The avoidance of overtraining and the achievement of optimal performance can only be realized when athletes are able to recover and optimally balance training stress and subsequent recovery. When intensity and volume are increased during training, the subjective assessment of athletes becomes very important, because a long-term imbalance of stress (including training, competition and non-training stress factors) and recovery can lead to a state of overtraining (Lehmann et al., 1999). Therefore, it is recommended that stress and recovery be continuously monitored during the training process (Hooper et al., 1999; Kellmann et al., 2001). Smith and Norris (2002) list a number of training errors that can lead to overtraining. However, overtraining is not only due to training errors but also to a high frequency of competitive events that do not allow for sufficient recovery time. To avoid underrecovery, an identified precursor to overtraining, physiological and psychological recovery should be an integral part of the training plan (Hooper & Mackinnon, 1995).
During overtraining, athletes are on a chronic performance plateau that cannot be influenced positively by short amounts of rest and recovery. The symptoms of overtraining include depressed mood, general apathy, decreased self-esteem, emotional instability, impaired performance, restlessness, irritability, disturbed sleep, weight loss, loss of appetite, increased resting heart rate, increased vulnerability to injuries, hormonal changes, and a lack of supercompensation. In theory, a workout or training load results in a degree of fatigue or depletion that is followed by a supercompensation or training effect. It is believed that if the rest intervals between consecutive workouts are of optimal duration the next training session will coincide with the supercompensation phase and the performance ability will increase (Zatsiorsky, 1995). An important clinical feature of overtraining is the increased susceptibility to infections with corresponding symptoms, suggesting an impaired immune response (see Kellmann, 2002a).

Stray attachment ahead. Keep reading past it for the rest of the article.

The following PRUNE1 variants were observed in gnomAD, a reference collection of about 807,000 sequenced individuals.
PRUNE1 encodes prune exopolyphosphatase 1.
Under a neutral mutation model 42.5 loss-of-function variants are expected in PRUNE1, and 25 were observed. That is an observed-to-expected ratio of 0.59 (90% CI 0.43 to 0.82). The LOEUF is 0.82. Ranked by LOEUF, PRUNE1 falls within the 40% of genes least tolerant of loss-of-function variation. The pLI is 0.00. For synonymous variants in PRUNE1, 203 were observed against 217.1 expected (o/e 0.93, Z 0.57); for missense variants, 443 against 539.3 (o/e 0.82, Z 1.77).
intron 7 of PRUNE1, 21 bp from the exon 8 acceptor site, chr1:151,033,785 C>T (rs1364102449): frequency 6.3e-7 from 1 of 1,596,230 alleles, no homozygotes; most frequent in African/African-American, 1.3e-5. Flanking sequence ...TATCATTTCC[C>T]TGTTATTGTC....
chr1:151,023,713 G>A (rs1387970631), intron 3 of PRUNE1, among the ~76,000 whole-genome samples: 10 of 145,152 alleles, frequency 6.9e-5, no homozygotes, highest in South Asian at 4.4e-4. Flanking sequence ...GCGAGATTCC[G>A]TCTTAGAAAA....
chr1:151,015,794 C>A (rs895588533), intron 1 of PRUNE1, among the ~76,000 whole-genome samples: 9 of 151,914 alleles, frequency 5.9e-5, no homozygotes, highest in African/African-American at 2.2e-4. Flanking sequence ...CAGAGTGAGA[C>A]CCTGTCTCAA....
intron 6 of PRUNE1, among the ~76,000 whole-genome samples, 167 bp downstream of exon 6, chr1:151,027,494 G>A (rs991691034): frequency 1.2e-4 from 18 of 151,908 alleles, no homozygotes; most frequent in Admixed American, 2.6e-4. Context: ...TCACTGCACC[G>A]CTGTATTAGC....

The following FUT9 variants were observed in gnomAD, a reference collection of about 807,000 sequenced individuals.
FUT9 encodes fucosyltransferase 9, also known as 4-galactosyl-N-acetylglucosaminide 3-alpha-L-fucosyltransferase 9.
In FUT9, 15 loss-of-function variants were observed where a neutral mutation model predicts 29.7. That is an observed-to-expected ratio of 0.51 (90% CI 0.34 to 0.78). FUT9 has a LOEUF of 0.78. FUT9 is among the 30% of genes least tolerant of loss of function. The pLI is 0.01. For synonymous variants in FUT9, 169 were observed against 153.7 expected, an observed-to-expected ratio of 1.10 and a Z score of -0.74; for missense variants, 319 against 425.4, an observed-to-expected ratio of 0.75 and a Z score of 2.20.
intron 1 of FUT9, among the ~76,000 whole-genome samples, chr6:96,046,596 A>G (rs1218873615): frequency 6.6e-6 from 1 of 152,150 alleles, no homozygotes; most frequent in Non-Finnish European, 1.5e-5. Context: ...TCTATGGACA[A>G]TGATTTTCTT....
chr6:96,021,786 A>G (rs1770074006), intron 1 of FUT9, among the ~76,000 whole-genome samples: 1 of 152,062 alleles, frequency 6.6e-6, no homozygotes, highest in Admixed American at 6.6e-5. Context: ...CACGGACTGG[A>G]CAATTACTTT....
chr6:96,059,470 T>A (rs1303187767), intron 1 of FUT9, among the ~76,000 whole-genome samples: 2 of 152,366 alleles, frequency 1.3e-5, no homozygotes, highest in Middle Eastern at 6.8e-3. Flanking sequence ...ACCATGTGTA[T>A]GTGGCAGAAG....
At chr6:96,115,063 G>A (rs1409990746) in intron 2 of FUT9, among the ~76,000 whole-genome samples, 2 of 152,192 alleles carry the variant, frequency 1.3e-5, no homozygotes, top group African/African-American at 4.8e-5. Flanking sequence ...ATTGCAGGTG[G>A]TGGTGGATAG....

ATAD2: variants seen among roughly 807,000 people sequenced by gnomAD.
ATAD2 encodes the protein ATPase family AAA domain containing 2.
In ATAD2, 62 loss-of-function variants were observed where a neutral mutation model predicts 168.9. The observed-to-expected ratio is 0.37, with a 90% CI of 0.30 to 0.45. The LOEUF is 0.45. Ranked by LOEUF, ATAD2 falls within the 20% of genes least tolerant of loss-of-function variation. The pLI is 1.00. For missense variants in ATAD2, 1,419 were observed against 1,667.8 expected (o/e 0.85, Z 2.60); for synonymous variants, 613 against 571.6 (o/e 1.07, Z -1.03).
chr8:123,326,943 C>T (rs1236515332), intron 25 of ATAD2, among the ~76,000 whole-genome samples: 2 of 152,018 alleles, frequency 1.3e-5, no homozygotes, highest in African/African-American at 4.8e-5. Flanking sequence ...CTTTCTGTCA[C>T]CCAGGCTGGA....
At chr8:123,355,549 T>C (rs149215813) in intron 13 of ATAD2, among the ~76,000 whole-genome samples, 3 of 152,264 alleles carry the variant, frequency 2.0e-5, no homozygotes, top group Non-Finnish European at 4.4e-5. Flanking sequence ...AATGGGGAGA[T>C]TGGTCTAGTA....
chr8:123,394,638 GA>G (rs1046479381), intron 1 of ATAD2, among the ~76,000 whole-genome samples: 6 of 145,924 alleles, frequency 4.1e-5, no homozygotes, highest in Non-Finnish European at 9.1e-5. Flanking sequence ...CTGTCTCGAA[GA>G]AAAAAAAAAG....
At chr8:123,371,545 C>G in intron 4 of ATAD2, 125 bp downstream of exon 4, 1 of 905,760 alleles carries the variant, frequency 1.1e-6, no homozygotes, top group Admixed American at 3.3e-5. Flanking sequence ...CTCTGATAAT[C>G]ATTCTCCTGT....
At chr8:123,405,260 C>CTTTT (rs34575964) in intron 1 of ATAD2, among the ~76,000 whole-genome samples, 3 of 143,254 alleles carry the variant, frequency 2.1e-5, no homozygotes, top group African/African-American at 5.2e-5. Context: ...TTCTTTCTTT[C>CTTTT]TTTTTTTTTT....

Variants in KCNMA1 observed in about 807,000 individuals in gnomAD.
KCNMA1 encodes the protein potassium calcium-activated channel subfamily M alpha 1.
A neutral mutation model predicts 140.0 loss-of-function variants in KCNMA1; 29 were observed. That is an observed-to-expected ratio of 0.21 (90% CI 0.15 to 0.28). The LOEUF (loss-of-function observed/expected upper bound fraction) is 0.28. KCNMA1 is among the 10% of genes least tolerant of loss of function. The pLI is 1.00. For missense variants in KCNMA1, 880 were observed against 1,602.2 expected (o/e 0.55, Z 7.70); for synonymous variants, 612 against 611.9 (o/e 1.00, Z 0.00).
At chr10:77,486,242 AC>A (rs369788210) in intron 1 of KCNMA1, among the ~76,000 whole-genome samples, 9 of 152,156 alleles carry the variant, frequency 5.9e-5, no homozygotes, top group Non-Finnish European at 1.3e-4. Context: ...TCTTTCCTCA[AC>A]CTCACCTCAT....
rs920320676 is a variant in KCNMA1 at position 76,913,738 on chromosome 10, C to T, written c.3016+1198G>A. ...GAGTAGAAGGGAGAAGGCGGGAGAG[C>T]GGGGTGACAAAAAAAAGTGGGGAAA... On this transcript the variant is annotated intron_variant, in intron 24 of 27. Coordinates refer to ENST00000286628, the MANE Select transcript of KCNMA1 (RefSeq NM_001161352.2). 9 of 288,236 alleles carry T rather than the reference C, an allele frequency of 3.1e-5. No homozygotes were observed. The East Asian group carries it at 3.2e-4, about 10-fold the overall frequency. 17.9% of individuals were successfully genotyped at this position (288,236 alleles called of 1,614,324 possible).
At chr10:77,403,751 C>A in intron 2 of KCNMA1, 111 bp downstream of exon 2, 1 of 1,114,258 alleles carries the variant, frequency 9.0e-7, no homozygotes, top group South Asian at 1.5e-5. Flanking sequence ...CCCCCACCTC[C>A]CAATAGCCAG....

an inter-individual and intra-individual multi-level (e.g., psychological, physiological, social) process in time for the re-establishment of performance abilities. Recovery includes an action-oriented component, and those self-initiated activities (proactive recovery) can be systematically used to optimize situational conditions and to build up and refill personal resources and buffers (p. 22).
This definition also demonstrates the complexity of recovery, as discussed in more detail by Kellmann (2002a), and highlights the need to individually tailor recovery activities.
Interrelation of stress-states and recovery demands
The above discussion has shown that recovery is critical to the prevention of overtraining. In this context, Kellmann (2002a) has proposed a general model that describes the interrelation between stress-states and recovery demands (Fig. 1). The central tenet of this model is that increased recovery must co-occur with the increasing stress if the stress-state is to remain stable. If this does not occur, a negative cycle can result if resources are limited (e.g., time), whereby increased stress coupled with the inability to meet increased recovery demands results in an individual experiencing more stress. Recovery demands are defined as the quality and/or quantity of recovery activities needed to balance the stress-state. People can become overwhelmed by stress and as a consequence be unable to find or make time to recover appropriately or to adopt more effective strategies for coping with the situation.